Ben Herdt, academic advising manager with Advising Career and Exploratory Studies (ACES), conducts a mock interview with Gabrielle Lubbers, a business economics senior from Eagle, Colo.

Tips for Success

If you’ve declared a major, your college can be a great place to start your career exploration. Many UW colleges have their own career service offerings tailored to its areas of study. Tyler Grabner, associate director of career services at the College of Engineering and Applied Science Center for Student Success, and Taylor True, associate director for the College of Business Peter M. and Paula Green Johnson Student Success Center, offer the following tips. 

Learn about different career paths. Take a look at the Occupational Outlook Handbook and O*NET. These resources describe skills and suggested degrees for career paths along with projected growth of any given field.

Explore your interdisciplinary interests. Many students have more than one academic interest area. As you explore career paths, consider how a minor or additional major may fit together, and work with your adviser on what this could look like.

Start attending career fairs, networking events and company information sessions as a freshman! These offerings allow you to network with companies in your field in order to learn more about what you might be doing if employed and will help you build connections with employers. You can find events like these in Handshake.

Make a career appointment. This can be through your college’s career center or ACES. Use this time to touch base with a professional and come up with a plan for yourself moving forward. Career professionals across campus are always happy to assist with anything and everything internship and career related.

Start searching for and applying to internships as a freshman—plenty of freshmen obtain internships. Even if you don’t get one, learning the process is extremely valuable.

When applying for positions, tailor your resume, not just your cover letter. This is based on key words from the job description. If they are looking for someone with communication skills, and you have used those skills, tell them that in your resume.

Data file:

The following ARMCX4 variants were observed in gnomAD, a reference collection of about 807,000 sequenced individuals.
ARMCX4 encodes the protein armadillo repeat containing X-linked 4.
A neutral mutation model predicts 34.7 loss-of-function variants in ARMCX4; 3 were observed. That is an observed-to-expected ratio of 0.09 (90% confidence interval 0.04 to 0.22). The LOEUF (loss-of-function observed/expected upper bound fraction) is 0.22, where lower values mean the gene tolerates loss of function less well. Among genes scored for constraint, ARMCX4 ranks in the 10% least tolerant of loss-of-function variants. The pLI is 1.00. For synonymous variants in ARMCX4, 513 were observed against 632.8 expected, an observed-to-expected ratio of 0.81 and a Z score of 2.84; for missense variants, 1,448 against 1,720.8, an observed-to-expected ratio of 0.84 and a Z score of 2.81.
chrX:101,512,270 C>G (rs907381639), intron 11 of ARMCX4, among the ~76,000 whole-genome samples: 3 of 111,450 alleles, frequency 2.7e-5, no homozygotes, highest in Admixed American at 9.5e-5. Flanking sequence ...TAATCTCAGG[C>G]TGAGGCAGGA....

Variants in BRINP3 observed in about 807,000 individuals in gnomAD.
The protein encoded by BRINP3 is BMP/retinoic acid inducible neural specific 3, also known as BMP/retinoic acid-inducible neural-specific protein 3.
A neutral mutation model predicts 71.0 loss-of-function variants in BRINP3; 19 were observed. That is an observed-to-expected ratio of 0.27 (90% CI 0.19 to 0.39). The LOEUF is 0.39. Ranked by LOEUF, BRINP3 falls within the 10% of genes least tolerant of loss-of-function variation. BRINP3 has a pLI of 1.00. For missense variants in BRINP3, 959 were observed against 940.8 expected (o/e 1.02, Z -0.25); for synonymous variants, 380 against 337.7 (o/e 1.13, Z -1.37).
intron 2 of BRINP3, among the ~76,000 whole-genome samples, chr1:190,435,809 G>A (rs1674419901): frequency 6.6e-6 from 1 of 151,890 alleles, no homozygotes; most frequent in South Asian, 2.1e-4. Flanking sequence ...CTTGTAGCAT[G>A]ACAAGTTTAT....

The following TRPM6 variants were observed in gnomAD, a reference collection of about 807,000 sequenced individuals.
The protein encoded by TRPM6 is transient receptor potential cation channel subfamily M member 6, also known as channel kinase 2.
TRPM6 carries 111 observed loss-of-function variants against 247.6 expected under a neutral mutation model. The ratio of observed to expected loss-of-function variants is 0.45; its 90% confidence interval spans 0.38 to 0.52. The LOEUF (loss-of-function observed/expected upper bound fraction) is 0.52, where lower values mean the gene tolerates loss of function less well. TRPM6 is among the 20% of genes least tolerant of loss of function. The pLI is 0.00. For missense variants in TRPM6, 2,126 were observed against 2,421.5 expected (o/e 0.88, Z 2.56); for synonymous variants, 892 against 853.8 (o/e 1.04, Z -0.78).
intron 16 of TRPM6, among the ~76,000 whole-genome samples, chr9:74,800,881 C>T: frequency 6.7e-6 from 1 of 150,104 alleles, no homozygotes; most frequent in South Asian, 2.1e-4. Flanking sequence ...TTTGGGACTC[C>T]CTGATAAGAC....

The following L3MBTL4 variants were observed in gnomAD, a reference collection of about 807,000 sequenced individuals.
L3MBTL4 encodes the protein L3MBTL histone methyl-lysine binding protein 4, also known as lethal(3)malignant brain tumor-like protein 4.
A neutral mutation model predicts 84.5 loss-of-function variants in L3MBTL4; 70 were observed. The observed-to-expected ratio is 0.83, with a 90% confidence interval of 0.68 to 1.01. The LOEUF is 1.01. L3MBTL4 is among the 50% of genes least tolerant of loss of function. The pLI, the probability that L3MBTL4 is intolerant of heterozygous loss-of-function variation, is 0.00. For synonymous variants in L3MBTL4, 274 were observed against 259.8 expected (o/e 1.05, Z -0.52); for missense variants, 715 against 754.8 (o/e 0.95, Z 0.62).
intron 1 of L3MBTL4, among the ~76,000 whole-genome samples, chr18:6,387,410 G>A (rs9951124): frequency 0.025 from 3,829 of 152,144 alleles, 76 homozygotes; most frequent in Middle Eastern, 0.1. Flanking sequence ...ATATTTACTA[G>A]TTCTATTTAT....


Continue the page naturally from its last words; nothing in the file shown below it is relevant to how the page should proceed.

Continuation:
It’s OK if you don’t have relevant experience. Getting involved in student clubs, organizations, research and projects can help you gain relevant skills and build relationships.

Use career-related resources available to you as a UW student such as Handshake, SOAR and Candid Career. These are valuable in both making the most of your time here at UW and making the best decisions moving forward.

When searching for jobs, use multiple resources. Not all companies post to the same website—start with Handshake, and move on to other resources available to you.

Practice interviewing. Interviewing can be a nerve-racking process. You can practice interviewing with your career adviser beforehand to go into it prepared and confident.

Career paths don’t always form a straight line. If you are majoring in mechanical engineering, becoming a mechanical engineer will not be your only option upon graduating. You may find that a related field is the best fit for you.  

Once you’re in the workforce—if your dream position is still out of reach—consider job crafting, adds ACES Manager of Academic Advising Ben Herdt. Job crafting helps bridge the gap between what you’re doing and what you want to do. Talk to your supervisor, and come up with ideas to adjust your job description or take on additional responsibilities that excite you. Many supervisors appreciate this initiative, and it will help build your resume for your next step.